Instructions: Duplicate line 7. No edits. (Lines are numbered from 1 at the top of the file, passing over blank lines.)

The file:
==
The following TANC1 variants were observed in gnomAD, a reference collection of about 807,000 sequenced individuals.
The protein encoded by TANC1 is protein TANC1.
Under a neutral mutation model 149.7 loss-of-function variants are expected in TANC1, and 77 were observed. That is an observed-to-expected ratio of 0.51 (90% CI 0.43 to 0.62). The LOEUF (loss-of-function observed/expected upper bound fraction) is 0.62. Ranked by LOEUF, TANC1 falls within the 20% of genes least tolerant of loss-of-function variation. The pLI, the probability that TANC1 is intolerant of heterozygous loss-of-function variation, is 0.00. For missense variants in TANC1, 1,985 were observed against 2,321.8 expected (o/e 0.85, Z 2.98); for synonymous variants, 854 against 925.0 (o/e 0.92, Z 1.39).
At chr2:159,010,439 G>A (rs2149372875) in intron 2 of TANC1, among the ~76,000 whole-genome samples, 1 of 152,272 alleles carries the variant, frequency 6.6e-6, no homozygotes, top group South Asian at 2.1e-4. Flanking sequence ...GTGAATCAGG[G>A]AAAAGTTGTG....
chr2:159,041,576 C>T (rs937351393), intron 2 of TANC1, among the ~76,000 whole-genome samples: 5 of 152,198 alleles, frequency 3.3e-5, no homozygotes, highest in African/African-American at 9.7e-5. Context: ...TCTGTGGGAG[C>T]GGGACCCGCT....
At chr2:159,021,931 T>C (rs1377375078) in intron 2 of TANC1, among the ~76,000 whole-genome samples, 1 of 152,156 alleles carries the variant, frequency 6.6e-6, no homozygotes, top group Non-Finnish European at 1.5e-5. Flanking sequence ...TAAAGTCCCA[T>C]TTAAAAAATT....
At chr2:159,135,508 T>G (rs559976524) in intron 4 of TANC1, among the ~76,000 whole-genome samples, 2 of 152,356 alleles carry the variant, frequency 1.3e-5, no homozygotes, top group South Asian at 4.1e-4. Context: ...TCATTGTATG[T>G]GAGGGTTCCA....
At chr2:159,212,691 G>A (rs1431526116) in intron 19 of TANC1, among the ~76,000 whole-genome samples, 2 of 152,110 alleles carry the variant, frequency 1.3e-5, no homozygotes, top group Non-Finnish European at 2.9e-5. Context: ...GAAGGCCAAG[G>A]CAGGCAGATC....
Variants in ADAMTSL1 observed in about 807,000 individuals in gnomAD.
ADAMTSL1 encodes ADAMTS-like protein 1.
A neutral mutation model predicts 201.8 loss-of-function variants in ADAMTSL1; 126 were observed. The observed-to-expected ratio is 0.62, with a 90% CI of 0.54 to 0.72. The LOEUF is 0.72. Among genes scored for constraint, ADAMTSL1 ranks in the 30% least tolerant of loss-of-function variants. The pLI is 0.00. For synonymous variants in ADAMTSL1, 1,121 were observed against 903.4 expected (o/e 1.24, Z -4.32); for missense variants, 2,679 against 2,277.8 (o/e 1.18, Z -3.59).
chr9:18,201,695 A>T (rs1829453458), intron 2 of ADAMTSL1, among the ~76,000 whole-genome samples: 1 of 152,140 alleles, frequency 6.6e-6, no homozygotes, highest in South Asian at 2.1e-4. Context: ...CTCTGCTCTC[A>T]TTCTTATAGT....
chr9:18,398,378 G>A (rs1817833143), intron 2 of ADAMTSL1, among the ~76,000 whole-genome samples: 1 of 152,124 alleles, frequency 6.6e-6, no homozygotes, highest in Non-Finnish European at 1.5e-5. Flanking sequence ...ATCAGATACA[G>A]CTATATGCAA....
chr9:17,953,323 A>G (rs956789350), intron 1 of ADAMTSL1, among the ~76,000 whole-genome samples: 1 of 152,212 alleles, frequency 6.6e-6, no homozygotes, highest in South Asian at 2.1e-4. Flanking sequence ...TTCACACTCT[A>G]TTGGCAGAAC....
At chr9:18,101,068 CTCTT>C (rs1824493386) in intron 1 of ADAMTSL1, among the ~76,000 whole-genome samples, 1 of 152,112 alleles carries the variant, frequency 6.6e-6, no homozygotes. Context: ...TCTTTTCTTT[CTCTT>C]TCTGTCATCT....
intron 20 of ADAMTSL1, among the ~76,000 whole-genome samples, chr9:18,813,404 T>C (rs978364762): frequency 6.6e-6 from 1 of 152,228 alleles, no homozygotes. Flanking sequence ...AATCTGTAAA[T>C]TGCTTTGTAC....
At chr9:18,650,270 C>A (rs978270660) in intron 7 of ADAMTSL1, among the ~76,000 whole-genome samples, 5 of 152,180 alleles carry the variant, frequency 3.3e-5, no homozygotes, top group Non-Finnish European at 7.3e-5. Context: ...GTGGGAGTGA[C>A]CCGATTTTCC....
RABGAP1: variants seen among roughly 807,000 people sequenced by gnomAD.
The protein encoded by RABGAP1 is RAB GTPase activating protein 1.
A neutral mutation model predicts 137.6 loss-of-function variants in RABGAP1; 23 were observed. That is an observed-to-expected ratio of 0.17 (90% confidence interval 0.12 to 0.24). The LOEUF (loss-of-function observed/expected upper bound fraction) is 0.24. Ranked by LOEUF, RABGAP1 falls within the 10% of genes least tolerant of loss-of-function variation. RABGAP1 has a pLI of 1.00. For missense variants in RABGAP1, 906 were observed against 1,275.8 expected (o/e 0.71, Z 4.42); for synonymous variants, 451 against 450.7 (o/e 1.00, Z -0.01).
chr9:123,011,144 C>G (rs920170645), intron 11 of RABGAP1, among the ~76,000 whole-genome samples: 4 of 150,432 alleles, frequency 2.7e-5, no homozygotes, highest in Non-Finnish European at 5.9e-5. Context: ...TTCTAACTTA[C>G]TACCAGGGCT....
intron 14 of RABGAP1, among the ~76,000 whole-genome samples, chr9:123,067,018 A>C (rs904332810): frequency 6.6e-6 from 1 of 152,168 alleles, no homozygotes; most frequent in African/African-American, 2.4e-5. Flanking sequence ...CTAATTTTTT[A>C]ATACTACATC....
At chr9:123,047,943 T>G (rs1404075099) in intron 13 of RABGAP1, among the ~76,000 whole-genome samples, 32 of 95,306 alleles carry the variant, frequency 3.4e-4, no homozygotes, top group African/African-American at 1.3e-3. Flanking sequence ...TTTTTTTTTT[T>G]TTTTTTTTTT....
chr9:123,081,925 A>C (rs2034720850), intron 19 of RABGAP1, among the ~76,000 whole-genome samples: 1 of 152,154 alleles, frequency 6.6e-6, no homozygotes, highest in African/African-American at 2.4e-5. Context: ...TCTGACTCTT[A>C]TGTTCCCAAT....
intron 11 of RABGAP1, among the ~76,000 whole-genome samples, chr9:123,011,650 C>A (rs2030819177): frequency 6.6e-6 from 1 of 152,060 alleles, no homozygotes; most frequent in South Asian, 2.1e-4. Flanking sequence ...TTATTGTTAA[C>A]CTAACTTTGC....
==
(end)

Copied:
At chr2:159,135,508 T>G (rs559976524) in intron 4 of TANC1, among the ~76,000 whole-genome samples, 2 of 152,356 alleles carry the variant, frequency 1.3e-5, no homozygotes, top group South Asian at 4.1e-4. Context: ...TCATTGTATG[T>G]GAGGGTTCCA....